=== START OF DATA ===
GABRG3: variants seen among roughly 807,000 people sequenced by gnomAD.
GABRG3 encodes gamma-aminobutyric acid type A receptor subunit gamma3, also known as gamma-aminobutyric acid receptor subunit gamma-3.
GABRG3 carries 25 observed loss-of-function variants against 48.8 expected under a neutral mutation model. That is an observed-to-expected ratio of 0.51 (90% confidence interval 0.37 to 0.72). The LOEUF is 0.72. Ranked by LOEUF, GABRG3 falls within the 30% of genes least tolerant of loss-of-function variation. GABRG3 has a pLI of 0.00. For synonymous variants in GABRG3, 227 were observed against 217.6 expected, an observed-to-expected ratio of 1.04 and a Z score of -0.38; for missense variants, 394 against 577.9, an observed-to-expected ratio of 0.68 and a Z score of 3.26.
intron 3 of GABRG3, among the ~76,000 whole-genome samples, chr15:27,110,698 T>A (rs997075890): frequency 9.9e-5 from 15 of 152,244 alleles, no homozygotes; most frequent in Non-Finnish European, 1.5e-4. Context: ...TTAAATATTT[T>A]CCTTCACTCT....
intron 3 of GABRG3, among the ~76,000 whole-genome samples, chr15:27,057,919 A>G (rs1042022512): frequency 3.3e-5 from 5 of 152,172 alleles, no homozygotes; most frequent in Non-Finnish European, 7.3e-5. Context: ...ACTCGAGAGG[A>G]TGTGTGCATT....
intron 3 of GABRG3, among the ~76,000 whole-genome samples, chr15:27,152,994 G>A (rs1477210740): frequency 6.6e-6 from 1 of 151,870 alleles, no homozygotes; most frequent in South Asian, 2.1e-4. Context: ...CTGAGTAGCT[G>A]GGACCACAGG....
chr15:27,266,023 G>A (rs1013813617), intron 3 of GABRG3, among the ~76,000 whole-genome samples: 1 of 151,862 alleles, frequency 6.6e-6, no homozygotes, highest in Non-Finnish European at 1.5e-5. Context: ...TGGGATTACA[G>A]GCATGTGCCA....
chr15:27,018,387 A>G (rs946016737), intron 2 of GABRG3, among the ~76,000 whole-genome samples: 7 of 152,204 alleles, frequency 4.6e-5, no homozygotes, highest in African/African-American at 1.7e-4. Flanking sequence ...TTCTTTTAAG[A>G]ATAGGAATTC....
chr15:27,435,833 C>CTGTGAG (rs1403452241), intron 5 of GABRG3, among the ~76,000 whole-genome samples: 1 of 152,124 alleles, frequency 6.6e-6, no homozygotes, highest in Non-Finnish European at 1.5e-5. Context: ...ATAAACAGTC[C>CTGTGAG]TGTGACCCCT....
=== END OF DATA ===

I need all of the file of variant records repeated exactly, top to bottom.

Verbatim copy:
GABRG3: variants seen among roughly 807,000 people sequenced by gnomAD.
GABRG3 encodes gamma-aminobutyric acid type A receptor subunit gamma3, also known as gamma-aminobutyric acid receptor subunit gamma-3.
GABRG3 carries 25 observed loss-of-function variants against 48.8 expected under a neutral mutation model. That is an observed-to-expected ratio of 0.51 (90% confidence interval 0.37 to 0.72). The LOEUF is 0.72. Ranked by LOEUF, GABRG3 falls within the 30% of genes least tolerant of loss-of-function variation. GABRG3 has a pLI of 0.00. For synonymous variants in GABRG3, 227 were observed against 217.6 expected, an observed-to-expected ratio of 1.04 and a Z score of -0.38; for missense variants, 394 against 577.9, an observed-to-expected ratio of 0.68 and a Z score of 3.26.
intron 3 of GABRG3, among the ~76,000 whole-genome samples, chr15:27,110,698 T>A (rs997075890): frequency 9.9e-5 from 15 of 152,244 alleles, no homozygotes; most frequent in Non-Finnish European, 1.5e-4. Context: ...TTAAATATTT[T>A]CCTTCACTCT....
intron 3 of GABRG3, among the ~76,000 whole-genome samples, chr15:27,057,919 A>G (rs1042022512): frequency 3.3e-5 from 5 of 152,172 alleles, no homozygotes; most frequent in Non-Finnish European, 7.3e-5. Context: ...ACTCGAGAGG[A>G]TGTGTGCATT....
intron 3 of GABRG3, among the ~76,000 whole-genome samples, chr15:27,152,994 G>A (rs1477210740): frequency 6.6e-6 from 1 of 151,870 alleles, no homozygotes; most frequent in South Asian, 2.1e-4. Context: ...CTGAGTAGCT[G>A]GGACCACAGG....
chr15:27,266,023 G>A (rs1013813617), intron 3 of GABRG3, among the ~76,000 whole-genome samples: 1 of 151,862 alleles, frequency 6.6e-6, no homozygotes, highest in Non-Finnish European at 1.5e-5. Context: ...TGGGATTACA[G>A]GCATGTGCCA....
chr15:27,018,387 A>G (rs946016737), intron 2 of GABRG3, among the ~76,000 whole-genome samples: 7 of 152,204 alleles, frequency 4.6e-5, no homozygotes, highest in African/African-American at 1.7e-4. Flanking sequence ...TTCTTTTAAG[A>G]ATAGGAATTC....
chr15:27,435,833 C>CTGTGAG (rs1403452241), intron 5 of GABRG3, among the ~76,000 whole-genome samples: 1 of 152,124 alleles, frequency 6.6e-6, no homozygotes, highest in Non-Finnish European at 1.5e-5. Context: ...ATAAACAGTC[C>CTGTGAG]TGTGACCCCT....